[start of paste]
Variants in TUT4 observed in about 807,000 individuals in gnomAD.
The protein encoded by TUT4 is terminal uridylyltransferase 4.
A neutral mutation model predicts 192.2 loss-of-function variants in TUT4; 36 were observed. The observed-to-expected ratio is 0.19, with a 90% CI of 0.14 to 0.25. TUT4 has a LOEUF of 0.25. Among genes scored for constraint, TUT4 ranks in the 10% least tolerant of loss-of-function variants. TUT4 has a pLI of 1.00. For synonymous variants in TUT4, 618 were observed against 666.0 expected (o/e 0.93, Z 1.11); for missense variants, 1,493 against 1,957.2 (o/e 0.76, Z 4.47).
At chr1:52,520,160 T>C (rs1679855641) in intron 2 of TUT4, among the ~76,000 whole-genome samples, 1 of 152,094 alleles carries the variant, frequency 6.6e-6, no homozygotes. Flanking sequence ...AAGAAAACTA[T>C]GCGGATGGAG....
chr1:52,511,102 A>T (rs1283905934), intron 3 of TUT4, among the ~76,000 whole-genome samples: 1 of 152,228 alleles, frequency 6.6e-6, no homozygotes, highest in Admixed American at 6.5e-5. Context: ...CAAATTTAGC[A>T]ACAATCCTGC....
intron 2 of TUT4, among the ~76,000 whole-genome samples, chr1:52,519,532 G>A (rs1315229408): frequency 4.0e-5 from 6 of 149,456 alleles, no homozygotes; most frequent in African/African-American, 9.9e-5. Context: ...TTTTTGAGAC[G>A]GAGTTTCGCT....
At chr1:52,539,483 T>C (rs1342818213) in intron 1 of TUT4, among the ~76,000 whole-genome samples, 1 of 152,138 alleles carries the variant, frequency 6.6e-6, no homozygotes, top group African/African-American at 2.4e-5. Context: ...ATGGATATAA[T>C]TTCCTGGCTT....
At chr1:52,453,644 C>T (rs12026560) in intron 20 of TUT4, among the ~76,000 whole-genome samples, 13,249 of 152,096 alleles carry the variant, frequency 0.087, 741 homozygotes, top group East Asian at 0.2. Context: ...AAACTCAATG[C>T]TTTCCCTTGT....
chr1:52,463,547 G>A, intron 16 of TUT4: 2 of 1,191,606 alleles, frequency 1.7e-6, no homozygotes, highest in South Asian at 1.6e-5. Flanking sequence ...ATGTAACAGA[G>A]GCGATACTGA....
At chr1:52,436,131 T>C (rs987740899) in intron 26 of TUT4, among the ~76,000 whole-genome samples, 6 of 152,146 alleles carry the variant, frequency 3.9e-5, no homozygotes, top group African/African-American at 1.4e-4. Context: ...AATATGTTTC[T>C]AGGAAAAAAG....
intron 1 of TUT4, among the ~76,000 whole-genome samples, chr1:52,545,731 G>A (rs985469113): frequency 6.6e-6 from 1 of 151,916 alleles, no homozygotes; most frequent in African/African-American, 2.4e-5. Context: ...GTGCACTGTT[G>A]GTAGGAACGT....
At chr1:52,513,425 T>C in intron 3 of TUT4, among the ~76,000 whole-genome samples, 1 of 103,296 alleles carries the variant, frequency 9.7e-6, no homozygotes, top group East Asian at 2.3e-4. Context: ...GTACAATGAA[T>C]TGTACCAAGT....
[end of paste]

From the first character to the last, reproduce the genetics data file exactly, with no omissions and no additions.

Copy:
Variants in TUT4 observed in about 807,000 individuals in gnomAD.
The protein encoded by TUT4 is terminal uridylyltransferase 4.
A neutral mutation model predicts 192.2 loss-of-function variants in TUT4; 36 were observed. The observed-to-expected ratio is 0.19, with a 90% CI of 0.14 to 0.25. TUT4 has a LOEUF of 0.25. Among genes scored for constraint, TUT4 ranks in the 10% least tolerant of loss-of-function variants. TUT4 has a pLI of 1.00. For synonymous variants in TUT4, 618 were observed against 666.0 expected (o/e 0.93, Z 1.11); for missense variants, 1,493 against 1,957.2 (o/e 0.76, Z 4.47).
At chr1:52,520,160 T>C (rs1679855641) in intron 2 of TUT4, among the ~76,000 whole-genome samples, 1 of 152,094 alleles carries the variant, frequency 6.6e-6, no homozygotes. Flanking sequence ...AAGAAAACTA[T>C]GCGGATGGAG....
chr1:52,511,102 A>T (rs1283905934), intron 3 of TUT4, among the ~76,000 whole-genome samples: 1 of 152,228 alleles, frequency 6.6e-6, no homozygotes, highest in Admixed American at 6.5e-5. Context: ...CAAATTTAGC[A>T]ACAATCCTGC....
intron 2 of TUT4, among the ~76,000 whole-genome samples, chr1:52,519,532 G>A (rs1315229408): frequency 4.0e-5 from 6 of 149,456 alleles, no homozygotes; most frequent in African/African-American, 9.9e-5. Context: ...TTTTTGAGAC[G>A]GAGTTTCGCT....
At chr1:52,539,483 T>C (rs1342818213) in intron 1 of TUT4, among the ~76,000 whole-genome samples, 1 of 152,138 alleles carries the variant, frequency 6.6e-6, no homozygotes, top group African/African-American at 2.4e-5. Context: ...ATGGATATAA[T>C]TTCCTGGCTT....
At chr1:52,453,644 C>T (rs12026560) in intron 20 of TUT4, among the ~76,000 whole-genome samples, 13,249 of 152,096 alleles carry the variant, frequency 0.087, 741 homozygotes, top group East Asian at 0.2. Context: ...AAACTCAATG[C>T]TTTCCCTTGT....
chr1:52,463,547 G>A, intron 16 of TUT4: 2 of 1,191,606 alleles, frequency 1.7e-6, no homozygotes, highest in South Asian at 1.6e-5. Flanking sequence ...ATGTAACAGA[G>A]GCGATACTGA....
At chr1:52,436,131 T>C (rs987740899) in intron 26 of TUT4, among the ~76,000 whole-genome samples, 6 of 152,146 alleles carry the variant, frequency 3.9e-5, no homozygotes, top group African/African-American at 1.4e-4. Context: ...AATATGTTTC[T>C]AGGAAAAAAG....
intron 1 of TUT4, among the ~76,000 whole-genome samples, chr1:52,545,731 G>A (rs985469113): frequency 6.6e-6 from 1 of 151,916 alleles, no homozygotes; most frequent in African/African-American, 2.4e-5. Context: ...GTGCACTGTT[G>A]GTAGGAACGT....
At chr1:52,513,425 T>C in intron 3 of TUT4, among the ~76,000 whole-genome samples, 1 of 103,296 alleles carries the variant, frequency 9.7e-6, no homozygotes, top group East Asian at 2.3e-4. Context: ...GTACAATGAA[T>C]TGTACCAAGT....